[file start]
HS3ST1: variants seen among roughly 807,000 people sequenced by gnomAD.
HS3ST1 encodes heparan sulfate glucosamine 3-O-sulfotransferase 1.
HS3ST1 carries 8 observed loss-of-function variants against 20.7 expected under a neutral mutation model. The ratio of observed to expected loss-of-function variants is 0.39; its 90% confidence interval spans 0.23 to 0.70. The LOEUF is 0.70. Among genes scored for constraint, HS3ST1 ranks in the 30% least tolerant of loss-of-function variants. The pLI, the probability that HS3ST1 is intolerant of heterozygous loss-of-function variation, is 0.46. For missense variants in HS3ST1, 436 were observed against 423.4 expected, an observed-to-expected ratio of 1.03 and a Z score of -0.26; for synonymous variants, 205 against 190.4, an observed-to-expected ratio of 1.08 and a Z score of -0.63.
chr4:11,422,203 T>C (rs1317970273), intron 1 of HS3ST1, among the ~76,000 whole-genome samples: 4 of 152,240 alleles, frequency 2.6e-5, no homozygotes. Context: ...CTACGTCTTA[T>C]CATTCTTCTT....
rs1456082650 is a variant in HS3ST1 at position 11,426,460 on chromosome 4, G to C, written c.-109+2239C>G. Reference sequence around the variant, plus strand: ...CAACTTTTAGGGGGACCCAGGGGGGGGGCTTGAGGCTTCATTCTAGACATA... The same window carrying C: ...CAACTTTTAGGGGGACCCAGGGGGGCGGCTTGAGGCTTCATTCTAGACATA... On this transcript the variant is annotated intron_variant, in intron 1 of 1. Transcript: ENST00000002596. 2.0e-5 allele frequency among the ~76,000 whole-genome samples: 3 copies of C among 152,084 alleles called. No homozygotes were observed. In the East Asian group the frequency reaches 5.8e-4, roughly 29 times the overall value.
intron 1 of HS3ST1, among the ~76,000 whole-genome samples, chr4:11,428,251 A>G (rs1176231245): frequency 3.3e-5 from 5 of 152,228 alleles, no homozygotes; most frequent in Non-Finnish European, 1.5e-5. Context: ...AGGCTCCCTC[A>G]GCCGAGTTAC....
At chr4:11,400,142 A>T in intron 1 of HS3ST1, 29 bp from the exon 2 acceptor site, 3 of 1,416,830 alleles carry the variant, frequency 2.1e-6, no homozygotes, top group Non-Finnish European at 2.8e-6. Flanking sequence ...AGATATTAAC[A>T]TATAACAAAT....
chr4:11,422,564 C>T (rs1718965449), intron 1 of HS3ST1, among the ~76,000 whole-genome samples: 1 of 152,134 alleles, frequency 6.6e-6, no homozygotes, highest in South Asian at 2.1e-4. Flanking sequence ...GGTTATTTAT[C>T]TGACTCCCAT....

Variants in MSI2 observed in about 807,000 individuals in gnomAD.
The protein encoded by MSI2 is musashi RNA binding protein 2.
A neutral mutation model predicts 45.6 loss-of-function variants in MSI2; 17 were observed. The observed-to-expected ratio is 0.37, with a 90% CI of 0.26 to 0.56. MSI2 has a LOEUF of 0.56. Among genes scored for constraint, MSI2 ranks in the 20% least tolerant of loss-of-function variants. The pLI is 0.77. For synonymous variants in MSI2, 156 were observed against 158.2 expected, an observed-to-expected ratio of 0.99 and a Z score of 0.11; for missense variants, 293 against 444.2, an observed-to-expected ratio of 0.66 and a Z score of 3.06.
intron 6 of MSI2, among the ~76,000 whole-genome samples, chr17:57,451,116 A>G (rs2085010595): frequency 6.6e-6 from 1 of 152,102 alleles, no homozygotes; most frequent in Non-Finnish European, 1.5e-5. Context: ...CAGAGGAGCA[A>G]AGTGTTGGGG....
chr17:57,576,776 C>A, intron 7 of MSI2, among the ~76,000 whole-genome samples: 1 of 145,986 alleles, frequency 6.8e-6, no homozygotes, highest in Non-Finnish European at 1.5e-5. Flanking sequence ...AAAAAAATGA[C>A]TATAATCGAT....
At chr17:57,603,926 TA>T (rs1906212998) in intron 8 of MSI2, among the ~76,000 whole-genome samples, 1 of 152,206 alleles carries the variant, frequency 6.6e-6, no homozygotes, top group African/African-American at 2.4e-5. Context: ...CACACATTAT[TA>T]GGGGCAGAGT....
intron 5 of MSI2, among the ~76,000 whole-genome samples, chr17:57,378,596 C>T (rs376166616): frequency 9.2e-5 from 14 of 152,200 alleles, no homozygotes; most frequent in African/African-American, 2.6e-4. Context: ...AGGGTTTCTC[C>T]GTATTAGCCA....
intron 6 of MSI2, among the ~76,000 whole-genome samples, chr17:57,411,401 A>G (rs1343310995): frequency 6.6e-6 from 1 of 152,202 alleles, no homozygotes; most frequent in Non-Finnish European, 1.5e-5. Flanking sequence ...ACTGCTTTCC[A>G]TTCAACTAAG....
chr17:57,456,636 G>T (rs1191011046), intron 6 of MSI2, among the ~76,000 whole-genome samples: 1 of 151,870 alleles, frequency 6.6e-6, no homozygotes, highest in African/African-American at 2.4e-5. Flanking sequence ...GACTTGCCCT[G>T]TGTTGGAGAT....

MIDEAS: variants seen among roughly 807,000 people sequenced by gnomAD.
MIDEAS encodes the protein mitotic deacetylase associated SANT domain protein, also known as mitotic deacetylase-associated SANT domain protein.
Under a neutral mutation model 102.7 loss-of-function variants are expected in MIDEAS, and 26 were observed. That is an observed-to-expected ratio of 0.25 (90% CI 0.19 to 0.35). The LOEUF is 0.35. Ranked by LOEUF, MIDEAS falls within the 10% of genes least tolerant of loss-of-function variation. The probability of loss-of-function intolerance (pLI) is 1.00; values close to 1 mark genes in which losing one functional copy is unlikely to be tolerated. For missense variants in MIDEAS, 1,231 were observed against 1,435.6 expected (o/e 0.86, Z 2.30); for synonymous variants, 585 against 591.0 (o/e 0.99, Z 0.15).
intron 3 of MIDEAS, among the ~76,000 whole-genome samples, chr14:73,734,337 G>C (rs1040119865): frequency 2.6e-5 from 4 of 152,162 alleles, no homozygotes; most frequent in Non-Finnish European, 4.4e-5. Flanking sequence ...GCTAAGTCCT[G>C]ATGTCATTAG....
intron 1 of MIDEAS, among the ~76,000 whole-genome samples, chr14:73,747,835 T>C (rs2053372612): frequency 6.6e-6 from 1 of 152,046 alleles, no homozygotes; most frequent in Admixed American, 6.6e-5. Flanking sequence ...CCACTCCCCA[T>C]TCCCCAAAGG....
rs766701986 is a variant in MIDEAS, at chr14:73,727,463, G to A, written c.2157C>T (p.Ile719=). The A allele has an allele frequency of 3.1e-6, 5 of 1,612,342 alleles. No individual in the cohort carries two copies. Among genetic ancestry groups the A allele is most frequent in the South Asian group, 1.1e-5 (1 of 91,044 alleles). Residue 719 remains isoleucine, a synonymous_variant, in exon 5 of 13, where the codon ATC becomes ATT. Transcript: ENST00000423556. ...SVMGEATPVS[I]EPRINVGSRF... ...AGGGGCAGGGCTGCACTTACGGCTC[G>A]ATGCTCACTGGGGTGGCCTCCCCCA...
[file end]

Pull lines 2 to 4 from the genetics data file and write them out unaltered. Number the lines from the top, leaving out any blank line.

HS3ST1 encodes heparan sulfate glucosamine 3-O-sulfotransferase 1.
HS3ST1 carries 8 observed loss-of-function variants against 20.7 expected under a neutral mutation model. The ratio of observed to expected loss-of-function variants is 0.39; its 90% confidence interval spans 0.23 to 0.70. The LOEUF is 0.70. Among genes scored for constraint, HS3ST1 ranks in the 30% least tolerant of loss-of-function variants. The pLI, the probability that HS3ST1 is intolerant of heterozygous loss-of-function variation, is 0.46. For missense variants in HS3ST1, 436 were observed against 423.4 expected, an observed-to-expected ratio of 1.03 and a Z score of -0.26; for synonymous variants, 205 against 190.4, an observed-to-expected ratio of 1.08 and a Z score of -0.63.
chr4:11,422,203 T>C (rs1317970273), intron 1 of HS3ST1, among the ~76,000 whole-genome samples: 4 of 152,240 alleles, frequency 2.6e-5, no homozygotes. Context: ...CTACGTCTTA[T>C]CATTCTTCTT....